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Discussion Starter · #1 ·
Hi everyone, I’ve been reading as much as I can find on here about applying for the Passeport Talent visa. I'll start with our specific circumstances. I’ll try to be as concise as possible.

My wife and I are buying a house in SW France. Our intent is to live there year round. I am a freelance musician and she is an arts administration employee / freelancer (depending on how this all shakes out) for a music ensemble in Chicago. We have enough contract work at various points over the next year (outside of France) to support ourselves and pay our mortgage (which has already been secured with a french bank). The ideal plan is for my wife to be able to work remotely for the Chicago company in France, both continuing to do her normal duties while also adding the in-France-specific work of seeking out development opportunities for the ensemble in France and in other countries in the EU. It is our understanding that this situation is only legit if we are granted a passeport talent visa, which would also enable me to seek out work in France in addition to outside its borders.

We have an appt at the Chicago consul next week. We are trying to decide whether to go for the passeport talent or play it safe and go for a long stay visitor visa and try to build a more substantial case for the p-t when we’re over there. The advantage is that with the p-t up front we’d be we’d have a more manageable financial situation and we’d be a few steps closer to our eventual goal of permanent residency. The disadvantage is that we’re worried our pitch might be a longshot and getting declined could keep us here in the states another month or longer.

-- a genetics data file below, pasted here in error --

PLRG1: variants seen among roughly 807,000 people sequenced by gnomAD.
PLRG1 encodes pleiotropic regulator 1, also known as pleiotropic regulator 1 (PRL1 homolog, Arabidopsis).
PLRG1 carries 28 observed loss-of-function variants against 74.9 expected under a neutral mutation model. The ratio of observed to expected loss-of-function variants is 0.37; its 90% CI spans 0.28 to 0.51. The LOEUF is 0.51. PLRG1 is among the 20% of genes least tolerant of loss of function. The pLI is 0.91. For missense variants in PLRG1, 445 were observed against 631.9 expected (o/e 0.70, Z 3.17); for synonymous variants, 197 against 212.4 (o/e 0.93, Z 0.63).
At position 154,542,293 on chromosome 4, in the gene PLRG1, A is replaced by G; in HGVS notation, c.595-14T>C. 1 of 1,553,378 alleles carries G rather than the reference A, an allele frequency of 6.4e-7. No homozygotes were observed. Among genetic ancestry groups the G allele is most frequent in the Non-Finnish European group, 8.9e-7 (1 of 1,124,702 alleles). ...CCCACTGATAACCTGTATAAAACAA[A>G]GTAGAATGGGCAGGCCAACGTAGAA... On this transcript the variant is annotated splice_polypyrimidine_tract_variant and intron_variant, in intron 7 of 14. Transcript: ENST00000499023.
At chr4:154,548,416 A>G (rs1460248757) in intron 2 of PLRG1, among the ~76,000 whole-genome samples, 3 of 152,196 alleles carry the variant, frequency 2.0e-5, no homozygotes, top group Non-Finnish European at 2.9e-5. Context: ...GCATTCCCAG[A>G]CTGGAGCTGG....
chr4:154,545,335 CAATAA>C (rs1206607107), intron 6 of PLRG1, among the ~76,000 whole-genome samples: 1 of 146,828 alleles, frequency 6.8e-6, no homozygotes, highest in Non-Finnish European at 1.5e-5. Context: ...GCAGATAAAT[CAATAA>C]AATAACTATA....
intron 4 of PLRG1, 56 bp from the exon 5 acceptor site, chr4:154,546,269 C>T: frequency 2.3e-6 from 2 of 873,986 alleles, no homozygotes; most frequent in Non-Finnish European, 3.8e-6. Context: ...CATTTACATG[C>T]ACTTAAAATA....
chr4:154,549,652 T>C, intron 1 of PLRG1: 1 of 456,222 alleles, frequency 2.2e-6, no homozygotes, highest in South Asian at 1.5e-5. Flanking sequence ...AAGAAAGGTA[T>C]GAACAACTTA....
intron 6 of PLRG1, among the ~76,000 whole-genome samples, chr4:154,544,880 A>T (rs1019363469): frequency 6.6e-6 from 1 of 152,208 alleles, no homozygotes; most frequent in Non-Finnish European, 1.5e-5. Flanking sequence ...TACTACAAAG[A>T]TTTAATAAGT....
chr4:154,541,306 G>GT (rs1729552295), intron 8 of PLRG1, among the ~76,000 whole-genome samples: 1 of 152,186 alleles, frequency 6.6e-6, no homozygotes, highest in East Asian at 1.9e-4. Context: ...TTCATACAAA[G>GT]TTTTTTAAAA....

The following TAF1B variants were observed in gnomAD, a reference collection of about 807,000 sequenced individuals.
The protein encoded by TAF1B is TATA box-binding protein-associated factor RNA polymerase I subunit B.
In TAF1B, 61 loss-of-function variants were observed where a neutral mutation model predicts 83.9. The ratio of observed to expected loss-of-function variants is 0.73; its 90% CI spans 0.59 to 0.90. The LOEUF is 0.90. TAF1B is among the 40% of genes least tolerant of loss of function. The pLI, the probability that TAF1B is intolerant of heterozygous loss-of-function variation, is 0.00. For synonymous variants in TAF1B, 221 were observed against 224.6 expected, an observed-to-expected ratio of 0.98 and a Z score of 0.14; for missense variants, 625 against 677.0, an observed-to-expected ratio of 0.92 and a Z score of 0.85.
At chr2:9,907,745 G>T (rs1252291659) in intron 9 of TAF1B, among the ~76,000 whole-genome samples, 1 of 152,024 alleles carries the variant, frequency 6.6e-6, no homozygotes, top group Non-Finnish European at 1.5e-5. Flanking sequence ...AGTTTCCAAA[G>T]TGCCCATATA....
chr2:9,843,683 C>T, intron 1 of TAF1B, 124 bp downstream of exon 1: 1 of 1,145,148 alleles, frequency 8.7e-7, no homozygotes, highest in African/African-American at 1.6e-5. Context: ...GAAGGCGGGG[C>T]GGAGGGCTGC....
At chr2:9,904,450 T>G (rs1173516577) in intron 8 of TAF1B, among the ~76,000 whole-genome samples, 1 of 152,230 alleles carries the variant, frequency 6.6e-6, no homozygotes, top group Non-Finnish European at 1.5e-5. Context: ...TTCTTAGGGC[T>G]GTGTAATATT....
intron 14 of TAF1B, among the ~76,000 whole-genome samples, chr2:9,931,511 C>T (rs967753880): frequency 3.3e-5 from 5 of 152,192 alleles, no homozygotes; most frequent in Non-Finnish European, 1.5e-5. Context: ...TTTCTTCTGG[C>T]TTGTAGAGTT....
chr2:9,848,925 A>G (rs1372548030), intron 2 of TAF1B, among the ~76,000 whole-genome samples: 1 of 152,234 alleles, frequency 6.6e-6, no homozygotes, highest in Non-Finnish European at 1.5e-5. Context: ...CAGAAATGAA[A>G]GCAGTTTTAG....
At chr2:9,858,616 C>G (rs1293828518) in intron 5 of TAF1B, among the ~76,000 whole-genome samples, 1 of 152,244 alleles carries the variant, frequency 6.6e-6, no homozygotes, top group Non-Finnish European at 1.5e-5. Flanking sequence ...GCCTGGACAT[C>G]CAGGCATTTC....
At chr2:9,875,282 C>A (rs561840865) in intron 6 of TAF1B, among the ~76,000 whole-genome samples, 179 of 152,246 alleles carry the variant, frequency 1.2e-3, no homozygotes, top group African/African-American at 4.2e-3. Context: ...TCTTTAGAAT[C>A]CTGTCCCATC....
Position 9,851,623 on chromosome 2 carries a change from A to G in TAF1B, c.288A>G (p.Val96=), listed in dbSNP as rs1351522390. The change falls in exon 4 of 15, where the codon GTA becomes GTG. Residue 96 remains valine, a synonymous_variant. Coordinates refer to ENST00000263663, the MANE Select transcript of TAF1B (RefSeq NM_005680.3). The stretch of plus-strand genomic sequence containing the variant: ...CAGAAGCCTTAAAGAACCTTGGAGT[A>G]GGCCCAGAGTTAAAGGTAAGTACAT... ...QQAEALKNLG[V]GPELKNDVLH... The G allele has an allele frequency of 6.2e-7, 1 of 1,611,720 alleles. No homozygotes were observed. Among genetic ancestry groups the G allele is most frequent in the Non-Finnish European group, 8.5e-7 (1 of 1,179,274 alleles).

I have two main concerns that I’m hoping those with experience can weigh in on:

1) We received an email from a consul at the Chicago office in which he suggested that we *may* be eligible for the “national or international fame/renown” rubric. We recognize this is not an airtight fit though. This renown, if we are able to prove it (which I think we can, they have impressive performance history in France), is not her’s but that of the US ensemble she will be contracted to represent. Has anyone had similar experience with applying has a 'representative of renown'?

2) Will the fact that we are purchasing a home to live in full time land in our favor by giving evidence that we our serious about integrating with the culture and that we are supporting the local economy through property taxes, utilities, insurance, local goods … or will it appear presumptuous for us to have purchased a home prior to securing a visa and thus anger them?

Please respond if you have input, especially if it’s re: something we’re not considering in all this (besides the obvious that it might be risky to buy without having this stuff sorted).

Thanks for any help,
jt
 

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The passeport talent visa is still relatively new, so it may be difficult to find enough folks who were successful in obtaining one to be able to draw too many general conclusions.